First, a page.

It may be necessary to stabilize the fragment with a K-wire or two before proceeding.
Alternatively, this can be done with a pelvic reduction forceps with pointed ball tips. Here an angled pelvic reduction clamp is shown.
One tip is inserted through the greater sciatic notch, against the quadrilateral lamina. The other is placed on the wall fragment and the clamp is tightened.
Confirm reduction before proceeding.
It is important to avoid placing fixation screws into the hip joint. Thus the surgeon must remember the joint location which will be obscured by posterior wall reduction.
One may even consider drilling the posterior wall gliding holes before reduction.
8. Posterior wall: initial fixation
Lag screw fixation
If the posterior wall fragment is large enough, it should be fixed into its bed with a lag screw.
Before turning back, the posterior wall fragment, it is important to assess the quality of the reduction. After satisfactory reduction, insert the lag screw, carefully avoiding the joint.
This shows fixation of a large posterior wall fragment with 2 screws. Typically the medial edge of the fragment is very thin. Screws should be placed laterally enough to capture a thicker part of the bone, while carefully avoiding the joint.
Predrilling the fragment before reduction may be helpful.
These lag screws may be in the way of the posterior plate. If possible, place them medially to it, or place the plate over the screw heads.
Typically, 2.7 mm screws can be used, having “drilled” the hole with a long 2 mm wire.
9. Finalizing the fixation
Contouring of the plate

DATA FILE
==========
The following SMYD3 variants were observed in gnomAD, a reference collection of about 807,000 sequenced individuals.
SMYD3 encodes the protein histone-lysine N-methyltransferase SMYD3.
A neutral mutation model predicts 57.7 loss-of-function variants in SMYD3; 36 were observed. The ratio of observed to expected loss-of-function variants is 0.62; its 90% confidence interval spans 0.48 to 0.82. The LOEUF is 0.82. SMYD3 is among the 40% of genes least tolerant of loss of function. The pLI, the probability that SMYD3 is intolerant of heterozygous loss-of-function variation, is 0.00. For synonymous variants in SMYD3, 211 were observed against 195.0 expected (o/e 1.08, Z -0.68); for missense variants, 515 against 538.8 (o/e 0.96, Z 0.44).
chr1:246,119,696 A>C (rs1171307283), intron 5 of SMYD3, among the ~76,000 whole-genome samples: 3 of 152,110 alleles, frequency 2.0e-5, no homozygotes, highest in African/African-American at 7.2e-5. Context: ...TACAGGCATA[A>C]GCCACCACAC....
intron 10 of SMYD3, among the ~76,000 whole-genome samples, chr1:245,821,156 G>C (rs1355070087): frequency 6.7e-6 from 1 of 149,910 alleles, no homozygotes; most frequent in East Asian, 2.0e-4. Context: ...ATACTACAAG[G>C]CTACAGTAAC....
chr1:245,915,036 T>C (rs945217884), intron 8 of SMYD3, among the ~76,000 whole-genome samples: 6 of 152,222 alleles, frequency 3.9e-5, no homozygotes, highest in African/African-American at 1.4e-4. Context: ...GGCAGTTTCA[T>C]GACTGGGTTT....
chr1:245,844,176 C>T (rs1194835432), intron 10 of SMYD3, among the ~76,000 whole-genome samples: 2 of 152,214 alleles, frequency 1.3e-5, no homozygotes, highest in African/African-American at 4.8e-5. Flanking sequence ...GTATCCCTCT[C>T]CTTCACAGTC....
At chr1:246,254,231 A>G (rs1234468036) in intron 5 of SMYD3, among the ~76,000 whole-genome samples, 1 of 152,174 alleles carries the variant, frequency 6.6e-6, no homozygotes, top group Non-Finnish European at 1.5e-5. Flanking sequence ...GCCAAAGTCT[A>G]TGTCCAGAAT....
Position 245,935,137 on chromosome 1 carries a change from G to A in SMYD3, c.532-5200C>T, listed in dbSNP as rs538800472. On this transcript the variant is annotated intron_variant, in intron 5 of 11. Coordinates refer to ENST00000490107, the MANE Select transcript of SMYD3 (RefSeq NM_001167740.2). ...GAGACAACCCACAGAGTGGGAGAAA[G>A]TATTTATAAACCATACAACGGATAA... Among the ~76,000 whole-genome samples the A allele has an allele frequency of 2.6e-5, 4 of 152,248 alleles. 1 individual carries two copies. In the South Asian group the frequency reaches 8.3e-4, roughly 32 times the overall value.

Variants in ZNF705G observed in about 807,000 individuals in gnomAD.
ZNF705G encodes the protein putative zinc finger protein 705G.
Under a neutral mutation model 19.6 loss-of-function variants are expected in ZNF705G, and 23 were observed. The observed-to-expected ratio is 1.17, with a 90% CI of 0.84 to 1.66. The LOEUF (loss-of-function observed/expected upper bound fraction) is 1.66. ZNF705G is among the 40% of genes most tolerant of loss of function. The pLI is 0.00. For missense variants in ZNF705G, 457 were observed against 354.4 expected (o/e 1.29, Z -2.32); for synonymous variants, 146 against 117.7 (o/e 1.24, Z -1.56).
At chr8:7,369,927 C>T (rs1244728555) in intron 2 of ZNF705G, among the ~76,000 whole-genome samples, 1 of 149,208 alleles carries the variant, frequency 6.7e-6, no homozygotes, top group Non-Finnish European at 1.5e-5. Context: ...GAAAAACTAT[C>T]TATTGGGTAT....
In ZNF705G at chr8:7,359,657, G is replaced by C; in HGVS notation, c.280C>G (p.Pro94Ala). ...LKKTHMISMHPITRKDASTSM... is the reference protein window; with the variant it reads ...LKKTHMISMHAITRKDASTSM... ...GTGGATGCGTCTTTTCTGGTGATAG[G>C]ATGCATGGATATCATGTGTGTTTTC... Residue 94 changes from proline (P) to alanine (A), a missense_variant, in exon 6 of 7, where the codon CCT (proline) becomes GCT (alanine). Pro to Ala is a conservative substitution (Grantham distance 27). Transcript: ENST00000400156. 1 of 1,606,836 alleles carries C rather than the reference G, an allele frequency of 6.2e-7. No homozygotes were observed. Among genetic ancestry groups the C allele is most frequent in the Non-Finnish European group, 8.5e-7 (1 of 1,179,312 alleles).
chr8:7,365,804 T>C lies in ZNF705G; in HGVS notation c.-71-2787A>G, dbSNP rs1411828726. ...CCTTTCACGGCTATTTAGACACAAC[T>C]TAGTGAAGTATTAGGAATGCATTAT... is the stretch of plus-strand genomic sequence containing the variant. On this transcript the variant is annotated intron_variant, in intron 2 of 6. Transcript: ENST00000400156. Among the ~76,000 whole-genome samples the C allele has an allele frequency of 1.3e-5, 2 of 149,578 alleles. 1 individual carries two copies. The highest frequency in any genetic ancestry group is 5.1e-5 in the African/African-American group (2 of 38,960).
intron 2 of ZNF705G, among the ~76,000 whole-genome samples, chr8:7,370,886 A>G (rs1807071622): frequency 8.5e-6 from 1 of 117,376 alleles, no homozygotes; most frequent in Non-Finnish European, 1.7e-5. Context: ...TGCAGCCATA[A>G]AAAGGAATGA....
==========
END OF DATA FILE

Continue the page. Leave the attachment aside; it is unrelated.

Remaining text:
In addition to the lag screw or the medial plate, a reconstruction plate will be applied laterally. The two points of fixation will provide torsional stability to the ultimate construct.
A reconstruction plate is chosen to reconstitute the structural stability of the native posterior column and the sciatic buttress. Ideally, it will be applied to the mid-column and contoured to obtain purchase in the strong bone of the sciatic buttress.
An aluminum template can be bent to fit the pelvis in the optimal location. The plate positioning will be limited cranially by the superior gluteal nerve and vascular pedicle. The distal end of the plate will be contoured to optimize screw positioning down the ischial ramus.
The plate contour should enforce the vectors required for the reduction.
Application of the plate
Fixation is completed with the lateral reconstruction plate spanning the posterior column and anchored securely to ilium and ischium. This follows the lateral border of the retroacetabular surface, and should be positioned for maximal support of the posterior wall fragment(s).
Screws overlying the acetabulum may be omitted, but if at all possible, at least one screw, in addition to the plate, should fix significant wall fragments.
Remember that this plate supports both the posterior column fracture and the posterior wall. It must be contoured appropriately, applied under tension with tension by screw position and direction. Thus, tightening proximal and distal screws should complete the contouring of the plate and compress it against the underlying bone.
Alternative: Screw for wall fragment through plate
Sometimes the definitive screw for a posterior wall fragment can best be inserted through the plate after it is applied.
Spring hook plates
Stabilization of the posterior wall fragments sometimes requires spring hook plates to resist shearing forces on the fragment which are inserted either instead of lag screws, or before them to resist the shear created by the compression.
The spring hook plates should extend medially beyond the posterior wall buttress plate. These supplementary plates provide additional buttress support for the comminuted fragments.
The hooks must press on the bone fragments and not into the labrum.
Spring hook plates are available pre-contoured or made from small fragment one third tubular plates. For details see the corresponding basic technique.